The Woman That’s Changing The Lives Of Melbourne’s Homeless By Buying Them Houses

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by Kalee Brown, Collective Evolution

When you grow up with so much privilege, and are surrounded by people within the same or similar social class as you, it can be easy to take things for granted. We get so stressed out and consumed by our daily lives that we often forget to express gratitude for the little things in life. We take so much for granted, especially the smaller things that create the foundations of our lives: the food on our tables, the beds we sleep in, the people we surround ourselves with, and the list goes on. It’s ironic that many of us even refer to these things as “small,” because they could literally change someone’s entire world.

Can you imagine not living in a home, never experiencing the comfort of your own bed, or being stripped of enjoying your own living space? Well, the sad reality is that over a billion people lack adequate housing. While we’re deciding whether or not to lay down carpet or hardwood on our floors, millions of people are struggling without a place to call home. This sobering fact can really put things into perspective.

One woman was so moved by the sight of Melbourne’s homeless, she was inspired to purchase houses for them, changing their lives forever. Instead of her original plan to purchase one house as an investment, Jessica Pearce bought four properties in hopes of providing accommodation for people, and especially families, without homes.

How One Woman Is Keeping Many People Off the Streets

While staying in a hotel in Melbourne, Jessica witnessed firsthand just how many people are living on the streets of the city.

“I guess we felt shocked and I suppose a bit guilty — we didn’t realise how bad the housing situation in Melbourne was,” Jessica explained.

“The streets were lined with people sleeping on mattresses or on the ground.”

“I guess it just touched me and I thought that maybe there was something that we could do.”

Inspired to take action, Jessica and her partner walked around the streets for two nights giving homeless people $20 and $50 bills. As they handed out the bills, they learned more about the homeless people’s lives and how they came to be homeless in the first place, which was when they met one man who was separated from his family because of his living situation.

“He had a two- and a three-year-old who were staying with his ex-partner and he wasn’t going to have access to them because he didn’t have somewhere to live,” Pearce said.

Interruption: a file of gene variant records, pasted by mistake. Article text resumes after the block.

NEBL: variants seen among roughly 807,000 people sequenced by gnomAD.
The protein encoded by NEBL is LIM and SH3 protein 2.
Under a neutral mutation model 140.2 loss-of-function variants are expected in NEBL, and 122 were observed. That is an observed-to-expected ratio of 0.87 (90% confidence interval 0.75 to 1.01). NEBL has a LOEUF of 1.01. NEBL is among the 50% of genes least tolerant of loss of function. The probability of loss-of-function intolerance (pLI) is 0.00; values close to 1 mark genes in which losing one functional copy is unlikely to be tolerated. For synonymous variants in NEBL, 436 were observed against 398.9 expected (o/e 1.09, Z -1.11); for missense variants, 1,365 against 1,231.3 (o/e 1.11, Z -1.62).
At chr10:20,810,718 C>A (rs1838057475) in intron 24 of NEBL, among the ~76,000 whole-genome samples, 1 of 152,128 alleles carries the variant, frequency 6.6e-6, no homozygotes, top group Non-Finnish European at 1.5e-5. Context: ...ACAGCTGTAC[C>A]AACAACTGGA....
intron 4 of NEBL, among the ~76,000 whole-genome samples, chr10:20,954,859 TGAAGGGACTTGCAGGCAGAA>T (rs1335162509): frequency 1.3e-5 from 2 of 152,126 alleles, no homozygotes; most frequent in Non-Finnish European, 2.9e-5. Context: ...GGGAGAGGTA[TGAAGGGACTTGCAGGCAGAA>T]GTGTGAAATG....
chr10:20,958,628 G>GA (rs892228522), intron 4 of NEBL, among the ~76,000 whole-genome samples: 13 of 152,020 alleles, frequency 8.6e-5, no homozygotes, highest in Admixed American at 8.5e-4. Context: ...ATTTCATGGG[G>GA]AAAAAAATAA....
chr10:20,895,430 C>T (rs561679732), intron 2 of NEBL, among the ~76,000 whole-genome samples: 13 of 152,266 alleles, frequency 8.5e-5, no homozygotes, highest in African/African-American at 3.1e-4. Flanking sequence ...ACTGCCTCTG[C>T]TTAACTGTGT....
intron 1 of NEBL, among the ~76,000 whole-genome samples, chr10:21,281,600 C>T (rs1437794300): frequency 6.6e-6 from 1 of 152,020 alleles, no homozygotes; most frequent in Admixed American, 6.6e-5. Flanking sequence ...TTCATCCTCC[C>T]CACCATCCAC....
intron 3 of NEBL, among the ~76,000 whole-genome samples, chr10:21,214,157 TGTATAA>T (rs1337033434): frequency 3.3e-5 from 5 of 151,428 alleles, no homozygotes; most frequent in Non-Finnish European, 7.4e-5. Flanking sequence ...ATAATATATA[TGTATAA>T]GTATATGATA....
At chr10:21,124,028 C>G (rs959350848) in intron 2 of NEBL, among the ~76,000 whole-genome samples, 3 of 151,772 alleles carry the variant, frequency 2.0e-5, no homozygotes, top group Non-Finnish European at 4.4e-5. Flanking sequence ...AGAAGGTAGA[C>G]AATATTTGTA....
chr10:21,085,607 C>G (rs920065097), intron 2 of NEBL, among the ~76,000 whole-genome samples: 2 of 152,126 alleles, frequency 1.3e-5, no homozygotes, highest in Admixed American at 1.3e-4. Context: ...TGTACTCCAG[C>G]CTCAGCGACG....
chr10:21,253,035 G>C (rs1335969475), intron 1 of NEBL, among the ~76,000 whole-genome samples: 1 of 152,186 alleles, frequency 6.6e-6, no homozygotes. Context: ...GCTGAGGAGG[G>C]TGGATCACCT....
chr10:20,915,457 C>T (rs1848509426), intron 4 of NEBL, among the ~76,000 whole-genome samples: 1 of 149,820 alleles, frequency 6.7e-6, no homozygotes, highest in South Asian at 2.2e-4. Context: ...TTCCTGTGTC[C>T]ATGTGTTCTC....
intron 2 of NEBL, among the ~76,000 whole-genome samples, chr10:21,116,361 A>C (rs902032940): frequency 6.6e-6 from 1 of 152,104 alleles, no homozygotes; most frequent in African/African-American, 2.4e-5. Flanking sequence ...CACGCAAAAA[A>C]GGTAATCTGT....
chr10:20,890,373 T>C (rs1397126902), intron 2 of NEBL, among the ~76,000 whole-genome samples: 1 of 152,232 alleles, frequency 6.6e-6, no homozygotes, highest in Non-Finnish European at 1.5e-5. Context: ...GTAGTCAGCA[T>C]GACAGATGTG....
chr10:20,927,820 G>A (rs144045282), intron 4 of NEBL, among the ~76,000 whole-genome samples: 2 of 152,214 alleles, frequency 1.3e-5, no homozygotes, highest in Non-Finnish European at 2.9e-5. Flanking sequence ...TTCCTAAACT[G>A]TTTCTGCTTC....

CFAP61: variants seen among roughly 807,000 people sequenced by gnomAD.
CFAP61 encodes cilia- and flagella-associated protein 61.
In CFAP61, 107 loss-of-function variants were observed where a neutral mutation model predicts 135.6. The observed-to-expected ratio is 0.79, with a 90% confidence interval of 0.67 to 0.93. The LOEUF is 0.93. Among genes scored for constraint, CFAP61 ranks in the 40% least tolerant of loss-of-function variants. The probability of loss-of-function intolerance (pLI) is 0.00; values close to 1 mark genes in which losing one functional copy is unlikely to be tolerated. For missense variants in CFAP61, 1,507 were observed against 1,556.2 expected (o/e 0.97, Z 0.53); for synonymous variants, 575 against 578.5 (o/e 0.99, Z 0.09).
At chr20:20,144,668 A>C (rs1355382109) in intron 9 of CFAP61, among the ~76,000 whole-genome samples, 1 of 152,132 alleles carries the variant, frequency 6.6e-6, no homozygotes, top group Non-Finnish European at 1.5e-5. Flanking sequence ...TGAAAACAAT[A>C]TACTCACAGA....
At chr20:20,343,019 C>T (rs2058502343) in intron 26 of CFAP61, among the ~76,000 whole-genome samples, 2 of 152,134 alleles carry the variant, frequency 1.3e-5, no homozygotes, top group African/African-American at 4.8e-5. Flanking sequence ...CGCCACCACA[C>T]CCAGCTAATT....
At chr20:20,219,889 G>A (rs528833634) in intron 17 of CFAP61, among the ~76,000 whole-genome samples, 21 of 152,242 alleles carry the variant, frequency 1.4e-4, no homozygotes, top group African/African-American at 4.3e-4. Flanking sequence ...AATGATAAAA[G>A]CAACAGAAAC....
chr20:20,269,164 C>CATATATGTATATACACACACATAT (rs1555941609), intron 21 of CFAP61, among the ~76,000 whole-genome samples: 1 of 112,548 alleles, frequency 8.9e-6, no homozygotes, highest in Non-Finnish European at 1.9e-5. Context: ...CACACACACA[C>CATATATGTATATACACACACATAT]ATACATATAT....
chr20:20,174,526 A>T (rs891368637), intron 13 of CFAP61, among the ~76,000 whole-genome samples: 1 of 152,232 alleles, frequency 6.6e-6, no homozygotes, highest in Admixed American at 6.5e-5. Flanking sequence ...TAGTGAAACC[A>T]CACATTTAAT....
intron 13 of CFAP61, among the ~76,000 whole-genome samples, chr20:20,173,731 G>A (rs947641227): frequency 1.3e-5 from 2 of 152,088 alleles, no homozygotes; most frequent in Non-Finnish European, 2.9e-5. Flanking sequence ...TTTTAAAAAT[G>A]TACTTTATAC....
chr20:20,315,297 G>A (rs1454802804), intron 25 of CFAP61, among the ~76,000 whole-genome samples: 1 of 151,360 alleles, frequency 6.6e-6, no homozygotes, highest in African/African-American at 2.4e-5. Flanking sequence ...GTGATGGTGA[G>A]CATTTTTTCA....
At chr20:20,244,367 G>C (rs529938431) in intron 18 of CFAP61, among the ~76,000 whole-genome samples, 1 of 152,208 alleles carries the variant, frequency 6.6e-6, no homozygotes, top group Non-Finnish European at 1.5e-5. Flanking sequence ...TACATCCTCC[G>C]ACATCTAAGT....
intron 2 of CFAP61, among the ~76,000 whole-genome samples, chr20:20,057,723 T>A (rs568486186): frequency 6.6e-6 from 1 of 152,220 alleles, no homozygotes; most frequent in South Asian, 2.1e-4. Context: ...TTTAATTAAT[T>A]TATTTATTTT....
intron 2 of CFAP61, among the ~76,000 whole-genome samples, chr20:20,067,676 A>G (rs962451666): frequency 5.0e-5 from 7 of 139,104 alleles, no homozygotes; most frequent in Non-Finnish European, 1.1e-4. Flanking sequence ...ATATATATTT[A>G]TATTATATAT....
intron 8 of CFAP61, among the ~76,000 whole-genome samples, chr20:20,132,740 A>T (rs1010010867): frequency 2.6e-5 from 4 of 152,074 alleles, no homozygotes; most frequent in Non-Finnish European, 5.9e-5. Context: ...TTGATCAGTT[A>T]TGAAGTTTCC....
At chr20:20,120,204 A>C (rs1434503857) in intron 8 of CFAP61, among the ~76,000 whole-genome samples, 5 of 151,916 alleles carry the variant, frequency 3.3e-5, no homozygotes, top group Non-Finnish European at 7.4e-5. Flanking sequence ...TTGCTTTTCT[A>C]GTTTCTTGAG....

Touched by his story, Pearce and her partner invited the homeless man to stay in their hotel for a couple nights, and then eventually paid for their new friend to stay in a motel for a while.

“I wanted him to have stable accommodation for the children.”

But, Pearce wanted to do more. She was already planning to purchase an “investment property,” but she realized that if she looked for houses in cheaper areas than she had originally planned, she could afford to purchase four houses as opposed to just one.

Pearce bought four houses in four different areas, all of which she plans to offer as housing for homeless people. The house in Lara will offer short-term accommodation for families with children who are “on a waitlist for housing.” The house in Corio will provide housing for homeless youth or young adults in school or in an apprenticeship. The house in Morwell will offer short-term accommodation for as long as three months for those in crisis situations. Lastly, the apartment in Moe will offer permanent accommodation for around three young people.

Through supplying homeless people with housing options, Pearce hopes to get more people off the streets. Pearce has already discussed her plans with youth housing providers and government organizations, getting advice on how best to run the properties.

Pearce’s inspiration also stems from her own personal experience, as she was kicked out of her childhood home at the age of 16. Pearce’s math teacher was kind enough to help her find stable housing at the time, a luxury that many homeless youth don’t have.

What Can You Do to Help?

Of course, not everyone has the money to purchase four houses to help homeless people. Though that would be incredible, it’s ultimately not feasible for those of us who can’t afford to buy ourselves a home, much less one for another person.

However, there are still many things you can do to help homeless people! A good deed can go a long way, even just a stroke of kindness or an unexpected smile can positively impact a person’s life.

If you don’t want to just give a homeless person money, you could give them food instead. I’ll often keep a box of granola bars or other food items in my car to give to homeless people I see on the streets. Get creative — you don’t have to even spend money!

You could volunteer at a local soup kitchen or just make some food for homeless people yourself. One person can impact many; never doubt that! Spread kindness and help your local community when you can.


Meet The Woman Who is Singlehandedly Buying Homes For Melbourne’s Homeless